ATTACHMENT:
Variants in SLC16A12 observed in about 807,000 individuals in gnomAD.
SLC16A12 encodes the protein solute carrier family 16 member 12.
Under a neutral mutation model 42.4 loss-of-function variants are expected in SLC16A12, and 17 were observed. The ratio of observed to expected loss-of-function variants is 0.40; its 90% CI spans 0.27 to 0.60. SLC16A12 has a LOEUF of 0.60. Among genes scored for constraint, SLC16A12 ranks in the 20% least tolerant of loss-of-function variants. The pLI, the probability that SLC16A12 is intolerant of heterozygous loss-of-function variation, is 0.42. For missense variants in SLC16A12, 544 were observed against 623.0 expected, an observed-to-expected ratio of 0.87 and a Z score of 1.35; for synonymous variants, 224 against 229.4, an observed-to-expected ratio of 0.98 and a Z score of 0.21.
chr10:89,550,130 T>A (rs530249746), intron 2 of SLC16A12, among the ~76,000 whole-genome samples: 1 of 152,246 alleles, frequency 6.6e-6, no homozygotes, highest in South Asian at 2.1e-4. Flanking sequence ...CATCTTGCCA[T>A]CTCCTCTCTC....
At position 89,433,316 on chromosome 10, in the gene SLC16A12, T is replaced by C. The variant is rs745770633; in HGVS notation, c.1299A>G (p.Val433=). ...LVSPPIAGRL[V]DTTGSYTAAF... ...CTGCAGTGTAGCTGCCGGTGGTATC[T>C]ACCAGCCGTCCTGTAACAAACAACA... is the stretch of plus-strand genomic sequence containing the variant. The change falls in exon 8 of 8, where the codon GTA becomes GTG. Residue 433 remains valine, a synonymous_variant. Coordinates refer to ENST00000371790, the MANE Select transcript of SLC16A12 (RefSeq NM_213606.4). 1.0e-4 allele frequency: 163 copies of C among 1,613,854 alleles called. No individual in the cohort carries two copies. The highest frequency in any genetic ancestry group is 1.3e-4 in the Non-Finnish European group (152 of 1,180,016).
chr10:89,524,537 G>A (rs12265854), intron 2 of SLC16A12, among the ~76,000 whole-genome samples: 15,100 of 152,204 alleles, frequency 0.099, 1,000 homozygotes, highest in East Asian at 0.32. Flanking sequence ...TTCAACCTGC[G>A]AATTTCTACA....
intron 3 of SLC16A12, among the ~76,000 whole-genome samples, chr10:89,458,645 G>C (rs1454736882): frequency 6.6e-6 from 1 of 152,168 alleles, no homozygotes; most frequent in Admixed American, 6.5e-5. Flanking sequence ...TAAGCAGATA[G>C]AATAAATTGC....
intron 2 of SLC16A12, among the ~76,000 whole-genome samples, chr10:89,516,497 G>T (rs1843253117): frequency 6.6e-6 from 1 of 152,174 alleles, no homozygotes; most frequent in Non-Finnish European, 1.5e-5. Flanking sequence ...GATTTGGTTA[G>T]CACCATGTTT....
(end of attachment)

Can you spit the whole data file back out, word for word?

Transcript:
Variants in SLC16A12 observed in about 807,000 individuals in gnomAD.
SLC16A12 encodes the protein solute carrier family 16 member 12.
Under a neutral mutation model 42.4 loss-of-function variants are expected in SLC16A12, and 17 were observed. The ratio of observed to expected loss-of-function variants is 0.40; its 90% CI spans 0.27 to 0.60. SLC16A12 has a LOEUF of 0.60. Among genes scored for constraint, SLC16A12 ranks in the 20% least tolerant of loss-of-function variants. The pLI, the probability that SLC16A12 is intolerant of heterozygous loss-of-function variation, is 0.42. For missense variants in SLC16A12, 544 were observed against 623.0 expected, an observed-to-expected ratio of 0.87 and a Z score of 1.35; for synonymous variants, 224 against 229.4, an observed-to-expected ratio of 0.98 and a Z score of 0.21.
chr10:89,550,130 T>A (rs530249746), intron 2 of SLC16A12, among the ~76,000 whole-genome samples: 1 of 152,246 alleles, frequency 6.6e-6, no homozygotes, highest in South Asian at 2.1e-4. Flanking sequence ...CATCTTGCCA[T>A]CTCCTCTCTC....
At position 89,433,316 on chromosome 10, in the gene SLC16A12, T is replaced by C. The variant is rs745770633; in HGVS notation, c.1299A>G (p.Val433=). ...LVSPPIAGRL[V]DTTGSYTAAF... ...CTGCAGTGTAGCTGCCGGTGGTATC[T>C]ACCAGCCGTCCTGTAACAAACAACA... is the stretch of plus-strand genomic sequence containing the variant. The change falls in exon 8 of 8, where the codon GTA becomes GTG. Residue 433 remains valine, a synonymous_variant. Coordinates refer to ENST00000371790, the MANE Select transcript of SLC16A12 (RefSeq NM_213606.4). 1.0e-4 allele frequency: 163 copies of C among 1,613,854 alleles called. No individual in the cohort carries two copies. The highest frequency in any genetic ancestry group is 1.3e-4 in the Non-Finnish European group (152 of 1,180,016).
chr10:89,524,537 G>A (rs12265854), intron 2 of SLC16A12, among the ~76,000 whole-genome samples: 15,100 of 152,204 alleles, frequency 0.099, 1,000 homozygotes, highest in East Asian at 0.32. Flanking sequence ...TTCAACCTGC[G>A]AATTTCTACA....
intron 3 of SLC16A12, among the ~76,000 whole-genome samples, chr10:89,458,645 G>C (rs1454736882): frequency 6.6e-6 from 1 of 152,168 alleles, no homozygotes; most frequent in Admixed American, 6.5e-5. Flanking sequence ...TAAGCAGATA[G>C]AATAAATTGC....
intron 2 of SLC16A12, among the ~76,000 whole-genome samples, chr10:89,516,497 G>T (rs1843253117): frequency 6.6e-6 from 1 of 152,174 alleles, no homozygotes; most frequent in Non-Finnish European, 1.5e-5. Flanking sequence ...GATTTGGTTA[G>T]CACCATGTTT....